Once again, Melissa Benoist carries the show and like before she’s able to win you over immediately with charming warmth and likeability. This episode sees Kara trying to build upon her confidence as a superhero, and Benoist makes that arc utterly believable and engaging to the point where you’re son involved that you want her to succeed and become a better hero. Whilst Benoist handles the comedy well (the part where she rescues a child’s pet snake from a tree springs to mind), she can also handle the emotional aspect effortlessly. The particular scene where Kara is introduced to an A.I. of her mother was particularly emotional, especially since the first instinctive thing Kara requests from her digitized mum is just simply a hug, which crushingly she obviously can’t have. Benoist perfectly balances the humour and the vulnerability fantastically well, and just further goes to show that this role was tailor-made for her.
We also see growing character development for the supporting characters as well; now that we know Alex is part of the DEO, we start to see more of the overprotective side of her and why she’s seeking the best for her sister. Winn is starting to become more involved now that he knows James is involved, which sets up a potential love triangle between him, James and Kara. Despite the drastic overall change, Supergirl’s James Olsen has become a strong individual who’s trying to break away from the “Superman’s best pal” image and make a name for himself, which makes sense as to why he’s moved to National City. We see a lot of similarities between him and Kara, and making them kindred spirits is a sensible move. We even get more of an insight into Cat Grant and understand her goals and motivations behind what she does. Supergirl’s willingness of making her way to the top in a world dominated by her cousin is something that Cat respects as it’s revealed that she started out as Perry White’s assistant before working her way up the magazine-selling tree, which was a great nod for Superman fans.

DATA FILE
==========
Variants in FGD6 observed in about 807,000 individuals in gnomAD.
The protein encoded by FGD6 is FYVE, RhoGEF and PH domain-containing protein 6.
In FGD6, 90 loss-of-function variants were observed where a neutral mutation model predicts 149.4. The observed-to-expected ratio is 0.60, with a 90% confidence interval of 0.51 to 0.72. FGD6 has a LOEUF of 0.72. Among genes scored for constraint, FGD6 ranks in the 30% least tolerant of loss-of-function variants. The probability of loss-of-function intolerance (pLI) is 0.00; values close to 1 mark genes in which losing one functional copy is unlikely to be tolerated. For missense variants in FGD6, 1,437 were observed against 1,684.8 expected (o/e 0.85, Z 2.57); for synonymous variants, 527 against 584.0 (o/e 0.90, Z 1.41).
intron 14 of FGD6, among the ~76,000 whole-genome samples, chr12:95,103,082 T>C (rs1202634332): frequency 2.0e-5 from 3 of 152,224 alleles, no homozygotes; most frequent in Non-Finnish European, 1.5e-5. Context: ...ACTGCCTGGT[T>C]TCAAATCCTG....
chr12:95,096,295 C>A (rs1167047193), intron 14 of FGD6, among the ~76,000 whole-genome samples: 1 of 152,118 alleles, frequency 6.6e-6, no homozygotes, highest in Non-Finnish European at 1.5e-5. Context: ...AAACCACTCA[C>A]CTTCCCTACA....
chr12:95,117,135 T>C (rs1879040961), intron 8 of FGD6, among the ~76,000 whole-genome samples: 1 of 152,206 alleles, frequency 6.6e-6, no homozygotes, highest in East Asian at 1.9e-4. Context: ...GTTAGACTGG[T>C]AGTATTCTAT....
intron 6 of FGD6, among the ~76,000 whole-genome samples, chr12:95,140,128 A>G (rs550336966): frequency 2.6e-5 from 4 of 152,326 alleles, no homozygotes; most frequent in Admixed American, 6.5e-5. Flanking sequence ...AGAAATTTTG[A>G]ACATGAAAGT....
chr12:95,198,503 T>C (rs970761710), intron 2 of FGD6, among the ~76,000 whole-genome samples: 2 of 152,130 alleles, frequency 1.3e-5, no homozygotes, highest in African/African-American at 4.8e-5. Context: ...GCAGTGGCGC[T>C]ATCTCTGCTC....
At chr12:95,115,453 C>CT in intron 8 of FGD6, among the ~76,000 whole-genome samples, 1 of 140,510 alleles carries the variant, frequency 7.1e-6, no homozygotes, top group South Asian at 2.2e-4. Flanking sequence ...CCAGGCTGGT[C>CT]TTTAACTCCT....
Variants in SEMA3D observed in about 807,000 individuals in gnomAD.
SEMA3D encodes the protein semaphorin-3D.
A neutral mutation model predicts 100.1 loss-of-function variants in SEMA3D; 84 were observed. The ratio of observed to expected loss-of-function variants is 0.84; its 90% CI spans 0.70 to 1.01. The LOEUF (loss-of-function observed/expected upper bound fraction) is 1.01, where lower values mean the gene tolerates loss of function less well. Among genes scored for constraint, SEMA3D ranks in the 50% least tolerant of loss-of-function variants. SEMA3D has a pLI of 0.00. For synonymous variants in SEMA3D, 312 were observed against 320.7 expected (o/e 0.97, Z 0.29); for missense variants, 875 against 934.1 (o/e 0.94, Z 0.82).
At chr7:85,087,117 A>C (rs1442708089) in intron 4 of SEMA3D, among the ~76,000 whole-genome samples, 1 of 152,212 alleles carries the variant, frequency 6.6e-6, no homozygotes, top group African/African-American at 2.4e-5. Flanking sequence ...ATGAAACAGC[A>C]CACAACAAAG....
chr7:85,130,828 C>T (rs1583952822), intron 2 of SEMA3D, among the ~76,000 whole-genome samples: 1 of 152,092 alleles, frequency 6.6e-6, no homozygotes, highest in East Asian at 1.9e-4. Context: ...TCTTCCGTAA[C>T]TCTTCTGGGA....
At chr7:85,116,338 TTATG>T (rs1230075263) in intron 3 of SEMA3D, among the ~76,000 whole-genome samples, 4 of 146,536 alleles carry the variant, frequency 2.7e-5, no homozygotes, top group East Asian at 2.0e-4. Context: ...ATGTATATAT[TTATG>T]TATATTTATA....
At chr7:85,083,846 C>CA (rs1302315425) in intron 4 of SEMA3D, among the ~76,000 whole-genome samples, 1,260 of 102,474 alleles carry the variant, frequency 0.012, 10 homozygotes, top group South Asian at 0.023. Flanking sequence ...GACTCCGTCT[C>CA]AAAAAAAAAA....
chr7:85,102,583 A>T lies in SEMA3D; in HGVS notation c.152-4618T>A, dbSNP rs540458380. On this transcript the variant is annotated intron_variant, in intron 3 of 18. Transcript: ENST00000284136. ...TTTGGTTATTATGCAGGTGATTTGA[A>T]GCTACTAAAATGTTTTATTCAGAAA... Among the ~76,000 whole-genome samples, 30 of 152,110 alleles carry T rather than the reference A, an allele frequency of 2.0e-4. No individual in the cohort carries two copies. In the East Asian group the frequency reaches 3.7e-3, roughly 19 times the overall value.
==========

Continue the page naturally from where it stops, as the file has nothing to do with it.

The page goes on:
As predicted, General Astra and her gang of Fort Rozz escapees are still the weakest link in this show so far. The concept of Kara facing off against a family member is strong and great for dramatic purposes, however, Astra’s motivations for taking control of Earth is very clichéd and a complete rip-off of a certain other General in the Superman universe, plus the writing doesn’t help her much either. Laura Benanti is trying her best, but Astra ends up being your stereotypical sci-fi baddie, and if this is supposed to be your series’ main antagonist, that’s not a good thing. The final climatic battle between her and Kara was poorly handled with the flying effects looking obviously wirework and unconvincing in its execution. The Hellgrammite was an interesting adversary, but he was quickly pushed to the side in favour for Astra. However, we do see that Hank Henshaw may have a villainous role to play in future as we get a glimpse of his apparent otherworldliness.
This episode was a strong follow-up to the series premiere, whilst improving on most of the pilot’s missteps, and further establishing Kara’s character and the kind of hero she desires to be, plus including some great character development for its supporting characters. If the show continues on in this direction, then this series will have strong legs.